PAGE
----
Neck pain is one of the common problems we encounter in our clinical practice.
Most of us will experience neck pain at some point in our lives. It is not uncommon for the first occurrence of neck pain to occur during childhood or adolescence.
Neck pain ranks fourth among the causes of disability, following back pain, depression, and joint pain.
Half of the population experiences a significant period of discomfort due to neck pain at least once in their lifetime. Every year, 37 out of 100 people report complaints of neck pain.
Neck pain is more common in women than in men and is associated with various conditions such as headaches, back pain, joint pain, and depression.
What Are The Most Common Causes Of
- Degenerative disc disease
- Neck strain/sprain
- Osteoarthritis/Cervical spondylosis
- Spinal stenosis
- Poor posture
- Traumatic events (Whiplash injury)
- Disc herniation (Cervical herniated disc)
Who Is More Likely To Experience Neck Pain?
- More common in women
- Middle age
- Genetic factors
- Psychopathology (depression, anxiety, poor coping mechanisms, somatization)
- Sleep disorders
- Sedentary lifestyle
- Obesity (increased inflammation, increased mechanical stress, structural changes, decreased muscle strength, psychosocial factors, fear of movement)
- Trauma (traumatic brain and whiplash injuries)
- Specific sports (wrestling, soccer, etc.)
- Some occupations (office and computer workers, healthcare professionals, manual laborers)
- Job dissatisfaction
- Perception of a poor work environment
What Are The Other Symptoms Associated With Neck Pain?
- Reduced range of motion
- Difficulty swallowing
- Ringing in the ears
- Swelling of lymph nodes
- Shoulder pain
- Facial pain
- Numbness or tingling in the arm
- Back and lower back pain
What Are The Anatomical Structures In
The Neck Region?
- 7 cervical vertebrae
- Neck muscles, arteries, and veins
- Lymph nodes
- Thyroid gland and parathyroid gland
How Do We Classify Neck Pain?
In terms of duration, we classify neck pain as acute (lasting less than 6 weeks), subacute (lasting less than 3 months), and chronic (lasting more than 3 months). Additionally, we can classify it based on its severity, cause, and type.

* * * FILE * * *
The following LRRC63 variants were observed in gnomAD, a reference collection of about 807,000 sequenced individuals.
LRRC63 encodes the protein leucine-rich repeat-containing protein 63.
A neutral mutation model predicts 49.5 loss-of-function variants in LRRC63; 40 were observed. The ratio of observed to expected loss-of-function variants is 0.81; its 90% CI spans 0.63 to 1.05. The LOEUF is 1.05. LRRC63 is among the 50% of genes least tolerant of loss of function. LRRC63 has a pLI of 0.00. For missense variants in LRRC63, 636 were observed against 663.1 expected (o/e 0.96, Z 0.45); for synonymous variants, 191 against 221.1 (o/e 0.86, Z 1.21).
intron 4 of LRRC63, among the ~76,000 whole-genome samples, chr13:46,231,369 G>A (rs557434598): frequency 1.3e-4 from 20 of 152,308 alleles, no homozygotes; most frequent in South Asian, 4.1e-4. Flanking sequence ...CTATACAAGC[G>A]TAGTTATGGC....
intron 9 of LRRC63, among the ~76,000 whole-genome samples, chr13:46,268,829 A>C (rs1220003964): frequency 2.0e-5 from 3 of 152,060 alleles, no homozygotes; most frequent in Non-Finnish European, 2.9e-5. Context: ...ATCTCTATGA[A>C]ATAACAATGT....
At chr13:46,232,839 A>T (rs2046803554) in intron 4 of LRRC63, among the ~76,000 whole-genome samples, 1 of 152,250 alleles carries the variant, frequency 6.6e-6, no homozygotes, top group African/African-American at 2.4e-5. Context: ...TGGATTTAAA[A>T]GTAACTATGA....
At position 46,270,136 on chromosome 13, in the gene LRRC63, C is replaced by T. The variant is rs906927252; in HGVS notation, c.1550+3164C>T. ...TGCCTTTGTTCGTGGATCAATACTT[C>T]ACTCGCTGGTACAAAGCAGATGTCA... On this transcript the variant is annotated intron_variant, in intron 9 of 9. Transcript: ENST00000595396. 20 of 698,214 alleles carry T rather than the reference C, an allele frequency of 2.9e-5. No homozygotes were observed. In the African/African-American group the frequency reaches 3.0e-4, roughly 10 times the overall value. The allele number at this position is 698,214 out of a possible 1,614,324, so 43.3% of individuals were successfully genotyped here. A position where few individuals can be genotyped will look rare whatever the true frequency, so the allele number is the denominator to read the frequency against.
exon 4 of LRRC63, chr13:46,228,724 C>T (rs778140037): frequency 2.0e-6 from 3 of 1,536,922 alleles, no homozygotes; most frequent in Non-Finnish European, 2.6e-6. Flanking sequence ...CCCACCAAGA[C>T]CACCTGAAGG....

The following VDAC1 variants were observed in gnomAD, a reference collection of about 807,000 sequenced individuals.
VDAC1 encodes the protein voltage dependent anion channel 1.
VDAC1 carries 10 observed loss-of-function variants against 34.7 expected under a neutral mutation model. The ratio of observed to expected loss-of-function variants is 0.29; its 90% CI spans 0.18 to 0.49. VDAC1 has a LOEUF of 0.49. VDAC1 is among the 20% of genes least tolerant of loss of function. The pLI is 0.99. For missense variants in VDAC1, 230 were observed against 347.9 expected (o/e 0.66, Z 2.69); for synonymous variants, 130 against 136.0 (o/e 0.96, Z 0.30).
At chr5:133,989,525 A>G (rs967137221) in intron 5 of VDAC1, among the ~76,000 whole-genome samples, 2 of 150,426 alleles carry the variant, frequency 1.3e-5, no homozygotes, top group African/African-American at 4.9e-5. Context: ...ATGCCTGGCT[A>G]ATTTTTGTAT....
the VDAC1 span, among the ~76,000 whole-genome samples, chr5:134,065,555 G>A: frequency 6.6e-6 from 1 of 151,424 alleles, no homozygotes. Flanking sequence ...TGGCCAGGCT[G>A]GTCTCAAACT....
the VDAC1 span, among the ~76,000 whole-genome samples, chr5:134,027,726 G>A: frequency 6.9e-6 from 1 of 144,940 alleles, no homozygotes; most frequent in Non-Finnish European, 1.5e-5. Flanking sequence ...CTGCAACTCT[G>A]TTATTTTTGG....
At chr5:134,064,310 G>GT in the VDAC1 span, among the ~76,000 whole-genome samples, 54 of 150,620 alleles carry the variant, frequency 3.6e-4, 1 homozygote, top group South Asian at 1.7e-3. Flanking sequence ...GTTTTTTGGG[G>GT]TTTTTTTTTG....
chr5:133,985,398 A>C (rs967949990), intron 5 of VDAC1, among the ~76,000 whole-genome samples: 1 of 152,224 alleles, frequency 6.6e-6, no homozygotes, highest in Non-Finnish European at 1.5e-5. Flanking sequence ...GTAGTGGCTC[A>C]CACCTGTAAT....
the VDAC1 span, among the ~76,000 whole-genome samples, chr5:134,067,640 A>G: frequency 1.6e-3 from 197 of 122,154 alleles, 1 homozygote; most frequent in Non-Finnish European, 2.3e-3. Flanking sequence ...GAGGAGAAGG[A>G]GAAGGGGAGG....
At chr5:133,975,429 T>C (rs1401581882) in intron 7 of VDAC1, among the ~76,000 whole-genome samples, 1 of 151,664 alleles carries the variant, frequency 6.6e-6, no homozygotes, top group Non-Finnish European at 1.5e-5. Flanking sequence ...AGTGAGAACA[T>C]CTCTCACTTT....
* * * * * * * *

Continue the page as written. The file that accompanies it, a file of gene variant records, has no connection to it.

The duration of neck pain is particularly important for treatment outcomes. The shorter the duration, the better the results we can achieve.
Neck pain can also be classified as mechanical, neuropathic, or secondary pain. Mechanical pain originates from structures such as the spine or supporting tissues like ligaments and muscles. Conditions like disc-related pain, facet joint degeneration-related pain, and myofascial pain fall under mechanical pain.
Neuropathic pain, on the other hand, arises from diseases or injuries affecting the peripheral nervous system and often involves mechanical or chemical irritation of nerve roots. Radicular symptoms (pain radiating from the neck to the arm or hand) caused by disc herniation or calcification are common causes of peripheral neuropathic pain.
Central neuropathic pain results from myelopathy or spinal cord damage. Neuropathic-nociceptive pain conditions can occur in cases of failed neck surgery (post-laminectomy syndrome) and degenerative disc conditions, where both mechanical pain and radicular symptoms are present.
Determining whether the pain is mechanical or neuropathic is crucial in guiding our treatment approach.
Therefore, during the patient’s history and physical examination, we make this distinction to understand the nature of the pain.
What Specialties Can Individuals With Neck Pain Consult?
- Physical Medicine and Rehabilitation Specialist
- Family Medicine Specialist
- Orthopedics and Traumatology Specialist
- Neurology Specialist
- Neurosurgery Specialist
- Ear, Nose, and Throat Specialist
How Is the Diagnosis Made For Neck Pain?
The diagnosis of neck pain is heavily reliant on the patient’s history and physical examination. The location, intensity, duration, and radiation of pain should be explored. Does the pain worsen or improve with changes in head position or movement?